1. Joachim Dagg (2016). On Recognising the Paradox of Sex. Philosophy and Theory in Biology 8 (20160629).
    Discussions of the implications of sexual reproduction have appeared throughout the history of evolutionary biology, from Darwin to Weismann, Fisher, Muller, Maynard Smith, and Williams. The latest of these appearances highlighted an evolutionary paradox that had previously been overlooked. In many animal and plant species reproduction is obligately sexual and also half the offspring are male, yet the males contribute nothing but genes to reproduction. If asexual mutants of such a species were to produce as many asexual offspring on average (...)
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    Andre M. Hahn (2016). Can a History of Photosynthesis Be Grand? Philosophy and Theory in Biology 8 (20160629).
    Kärin Nickelsen’s Explaining Photosynthesis: Models of Biochemical Mechanisms, 1840–1960 gives a much needed historical and philosophical account of one of the major research projects in modern plant sciences. This look at the scientific models of photosynthesis expands upon Nickelsen’s previous work with eighteenth century botanical illustration which she viewed as a type of modeling activity. Weaving between active research and the discourses around it, Nickelsen boldly attempts to find some bridge between the history of science and the philosophy of science (...)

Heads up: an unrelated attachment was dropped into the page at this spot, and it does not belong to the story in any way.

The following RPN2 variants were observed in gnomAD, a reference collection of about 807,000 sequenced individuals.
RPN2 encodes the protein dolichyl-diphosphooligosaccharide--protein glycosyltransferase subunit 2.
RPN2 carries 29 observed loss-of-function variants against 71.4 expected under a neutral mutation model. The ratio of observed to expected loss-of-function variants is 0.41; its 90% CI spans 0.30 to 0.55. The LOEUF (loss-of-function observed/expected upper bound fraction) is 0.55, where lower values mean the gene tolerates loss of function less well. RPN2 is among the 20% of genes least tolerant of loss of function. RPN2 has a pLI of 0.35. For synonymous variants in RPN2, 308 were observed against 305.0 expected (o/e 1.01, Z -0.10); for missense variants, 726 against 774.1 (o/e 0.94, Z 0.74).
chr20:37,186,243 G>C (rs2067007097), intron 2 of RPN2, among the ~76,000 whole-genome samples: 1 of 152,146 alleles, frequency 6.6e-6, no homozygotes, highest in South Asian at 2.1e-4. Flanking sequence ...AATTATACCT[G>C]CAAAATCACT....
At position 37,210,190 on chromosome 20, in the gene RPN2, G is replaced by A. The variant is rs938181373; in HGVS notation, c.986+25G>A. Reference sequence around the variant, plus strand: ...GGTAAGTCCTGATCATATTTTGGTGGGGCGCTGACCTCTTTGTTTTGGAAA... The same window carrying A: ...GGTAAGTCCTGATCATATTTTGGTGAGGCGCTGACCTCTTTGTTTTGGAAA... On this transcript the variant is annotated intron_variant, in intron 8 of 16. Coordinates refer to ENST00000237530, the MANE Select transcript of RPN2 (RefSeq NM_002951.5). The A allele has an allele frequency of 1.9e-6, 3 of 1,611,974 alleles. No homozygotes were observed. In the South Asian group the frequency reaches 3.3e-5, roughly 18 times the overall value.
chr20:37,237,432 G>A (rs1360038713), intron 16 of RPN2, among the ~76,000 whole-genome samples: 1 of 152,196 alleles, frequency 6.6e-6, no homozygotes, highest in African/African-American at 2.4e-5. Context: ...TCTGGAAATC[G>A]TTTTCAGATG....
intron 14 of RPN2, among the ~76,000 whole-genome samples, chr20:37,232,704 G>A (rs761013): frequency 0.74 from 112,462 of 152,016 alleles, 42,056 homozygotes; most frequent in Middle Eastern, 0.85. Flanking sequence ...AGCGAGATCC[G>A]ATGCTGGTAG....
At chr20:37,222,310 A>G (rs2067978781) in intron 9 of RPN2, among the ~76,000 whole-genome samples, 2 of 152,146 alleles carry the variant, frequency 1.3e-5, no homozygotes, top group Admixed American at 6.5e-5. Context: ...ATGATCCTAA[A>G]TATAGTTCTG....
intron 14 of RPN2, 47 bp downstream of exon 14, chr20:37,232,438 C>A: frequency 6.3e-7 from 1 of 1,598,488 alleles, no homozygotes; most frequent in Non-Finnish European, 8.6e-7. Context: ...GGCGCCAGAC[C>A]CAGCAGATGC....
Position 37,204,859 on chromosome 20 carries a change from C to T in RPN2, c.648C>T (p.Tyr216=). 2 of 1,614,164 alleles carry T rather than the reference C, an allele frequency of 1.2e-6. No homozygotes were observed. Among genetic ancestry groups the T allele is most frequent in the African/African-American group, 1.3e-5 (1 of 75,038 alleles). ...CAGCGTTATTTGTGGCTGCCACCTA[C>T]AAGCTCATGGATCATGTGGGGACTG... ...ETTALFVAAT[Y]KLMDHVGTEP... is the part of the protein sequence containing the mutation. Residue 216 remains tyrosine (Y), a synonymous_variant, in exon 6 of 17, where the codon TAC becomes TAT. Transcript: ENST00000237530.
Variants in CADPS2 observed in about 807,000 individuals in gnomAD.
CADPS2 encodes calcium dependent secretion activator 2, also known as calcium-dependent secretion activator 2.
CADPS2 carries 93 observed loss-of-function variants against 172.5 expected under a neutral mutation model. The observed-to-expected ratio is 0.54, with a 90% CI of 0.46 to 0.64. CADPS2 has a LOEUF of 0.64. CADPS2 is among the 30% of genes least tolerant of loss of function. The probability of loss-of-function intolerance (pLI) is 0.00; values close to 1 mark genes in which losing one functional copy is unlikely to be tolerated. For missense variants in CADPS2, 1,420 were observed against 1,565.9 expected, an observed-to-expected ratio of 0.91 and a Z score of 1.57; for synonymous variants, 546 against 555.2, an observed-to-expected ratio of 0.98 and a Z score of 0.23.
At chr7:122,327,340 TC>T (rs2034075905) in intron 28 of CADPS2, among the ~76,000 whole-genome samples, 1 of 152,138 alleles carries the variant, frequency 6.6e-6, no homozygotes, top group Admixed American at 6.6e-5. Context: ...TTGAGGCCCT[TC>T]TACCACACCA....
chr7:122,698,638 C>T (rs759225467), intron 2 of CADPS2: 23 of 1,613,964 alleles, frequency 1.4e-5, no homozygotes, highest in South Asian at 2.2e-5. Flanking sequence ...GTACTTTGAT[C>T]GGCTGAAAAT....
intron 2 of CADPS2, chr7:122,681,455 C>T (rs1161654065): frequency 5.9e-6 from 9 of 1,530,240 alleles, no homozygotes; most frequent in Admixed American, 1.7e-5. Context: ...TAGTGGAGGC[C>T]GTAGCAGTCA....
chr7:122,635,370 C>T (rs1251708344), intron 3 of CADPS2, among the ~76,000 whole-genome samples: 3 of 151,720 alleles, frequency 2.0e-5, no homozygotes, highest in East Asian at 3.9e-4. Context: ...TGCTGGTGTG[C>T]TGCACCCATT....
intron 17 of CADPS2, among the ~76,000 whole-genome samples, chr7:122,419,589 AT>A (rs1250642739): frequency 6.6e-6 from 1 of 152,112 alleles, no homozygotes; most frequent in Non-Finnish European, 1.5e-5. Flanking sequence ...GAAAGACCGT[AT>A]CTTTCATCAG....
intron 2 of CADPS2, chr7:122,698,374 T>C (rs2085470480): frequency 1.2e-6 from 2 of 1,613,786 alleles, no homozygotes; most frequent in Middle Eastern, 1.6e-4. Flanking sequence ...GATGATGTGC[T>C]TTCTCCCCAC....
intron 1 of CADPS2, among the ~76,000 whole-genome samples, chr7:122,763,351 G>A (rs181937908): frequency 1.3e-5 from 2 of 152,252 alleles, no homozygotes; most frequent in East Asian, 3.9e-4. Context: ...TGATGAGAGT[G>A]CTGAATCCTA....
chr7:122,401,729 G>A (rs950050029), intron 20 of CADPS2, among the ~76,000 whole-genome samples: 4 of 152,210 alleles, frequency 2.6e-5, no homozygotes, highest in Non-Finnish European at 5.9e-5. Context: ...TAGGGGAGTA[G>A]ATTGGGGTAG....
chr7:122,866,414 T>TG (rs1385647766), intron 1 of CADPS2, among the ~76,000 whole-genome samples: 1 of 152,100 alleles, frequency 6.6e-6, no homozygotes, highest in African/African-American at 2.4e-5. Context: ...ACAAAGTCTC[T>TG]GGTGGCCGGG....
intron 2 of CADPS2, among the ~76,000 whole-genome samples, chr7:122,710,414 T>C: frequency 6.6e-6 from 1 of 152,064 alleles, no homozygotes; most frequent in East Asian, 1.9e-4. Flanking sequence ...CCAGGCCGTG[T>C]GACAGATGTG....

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    John P. Jackson Jr (2016). Cross-Cultural Research, Evolutionary Psychology, and Racialism: Problems and Prospects. Philosophy and Theory in Biology 8 (20160629).
    This essay is a defense of the social construction of racialism. I follow a standard definition of “racialism” which is the belief that “there are heritable characteristics, possessed by members of our species, that allow us to divide them into a small set of races, in such a way that all the members of these races share certain traits and tendencies with each other that they do not share with other members of any other race”. In particular I want to (...)
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